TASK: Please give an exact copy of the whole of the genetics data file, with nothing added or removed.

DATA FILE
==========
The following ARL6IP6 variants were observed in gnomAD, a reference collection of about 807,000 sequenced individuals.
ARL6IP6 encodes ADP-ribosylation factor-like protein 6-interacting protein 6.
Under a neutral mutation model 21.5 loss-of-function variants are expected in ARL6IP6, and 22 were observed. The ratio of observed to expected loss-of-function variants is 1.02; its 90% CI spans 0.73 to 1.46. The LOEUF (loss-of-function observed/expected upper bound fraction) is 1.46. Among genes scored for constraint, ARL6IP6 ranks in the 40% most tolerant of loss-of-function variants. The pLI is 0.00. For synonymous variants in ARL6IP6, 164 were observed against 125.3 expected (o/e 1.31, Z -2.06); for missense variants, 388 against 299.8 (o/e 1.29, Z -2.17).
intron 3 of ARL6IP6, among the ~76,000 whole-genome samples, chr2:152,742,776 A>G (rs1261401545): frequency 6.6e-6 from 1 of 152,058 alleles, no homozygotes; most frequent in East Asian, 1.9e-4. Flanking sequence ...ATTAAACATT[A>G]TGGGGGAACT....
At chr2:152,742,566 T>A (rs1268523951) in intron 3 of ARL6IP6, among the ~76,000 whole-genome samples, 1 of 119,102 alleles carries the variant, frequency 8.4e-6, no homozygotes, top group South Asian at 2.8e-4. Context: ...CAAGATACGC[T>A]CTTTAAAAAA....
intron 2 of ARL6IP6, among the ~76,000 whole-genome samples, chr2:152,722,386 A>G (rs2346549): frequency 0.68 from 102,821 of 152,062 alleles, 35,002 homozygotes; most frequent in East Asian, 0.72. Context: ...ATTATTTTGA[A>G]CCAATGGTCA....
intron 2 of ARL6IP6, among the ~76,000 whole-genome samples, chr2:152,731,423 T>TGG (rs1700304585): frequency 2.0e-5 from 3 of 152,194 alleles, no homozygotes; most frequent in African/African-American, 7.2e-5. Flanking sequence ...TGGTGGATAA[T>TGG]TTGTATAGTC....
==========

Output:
The following ARL6IP6 variants were observed in gnomAD, a reference collection of about 807,000 sequenced individuals.
ARL6IP6 encodes ADP-ribosylation factor-like protein 6-interacting protein 6.
Under a neutral mutation model 21.5 loss-of-function variants are expected in ARL6IP6, and 22 were observed. The ratio of observed to expected loss-of-function variants is 1.02; its 90% CI spans 0.73 to 1.46. The LOEUF (loss-of-function observed/expected upper bound fraction) is 1.46. Among genes scored for constraint, ARL6IP6 ranks in the 40% most tolerant of loss-of-function variants. The pLI is 0.00. For synonymous variants in ARL6IP6, 164 were observed against 125.3 expected (o/e 1.31, Z -2.06); for missense variants, 388 against 299.8 (o/e 1.29, Z -2.17).
intron 3 of ARL6IP6, among the ~76,000 whole-genome samples, chr2:152,742,776 A>G (rs1261401545): frequency 6.6e-6 from 1 of 152,058 alleles, no homozygotes; most frequent in East Asian, 1.9e-4. Flanking sequence ...ATTAAACATT[A>G]TGGGGGAACT....
At chr2:152,742,566 T>A (rs1268523951) in intron 3 of ARL6IP6, among the ~76,000 whole-genome samples, 1 of 119,102 alleles carries the variant, frequency 8.4e-6, no homozygotes, top group South Asian at 2.8e-4. Context: ...CAAGATACGC[T>A]CTTTAAAAAA....
intron 2 of ARL6IP6, among the ~76,000 whole-genome samples, chr2:152,722,386 A>G (rs2346549): frequency 0.68 from 102,821 of 152,062 alleles, 35,002 homozygotes; most frequent in East Asian, 0.72. Context: ...ATTATTTTGA[A>G]CCAATGGTCA....
intron 2 of ARL6IP6, among the ~76,000 whole-genome samples, chr2:152,731,423 T>TGG (rs1700304585): frequency 2.0e-5 from 3 of 152,194 alleles, no homozygotes; most frequent in African/African-American, 7.2e-5. Flanking sequence ...TGGTGGATAA[T>TGG]TTGTATAGTC....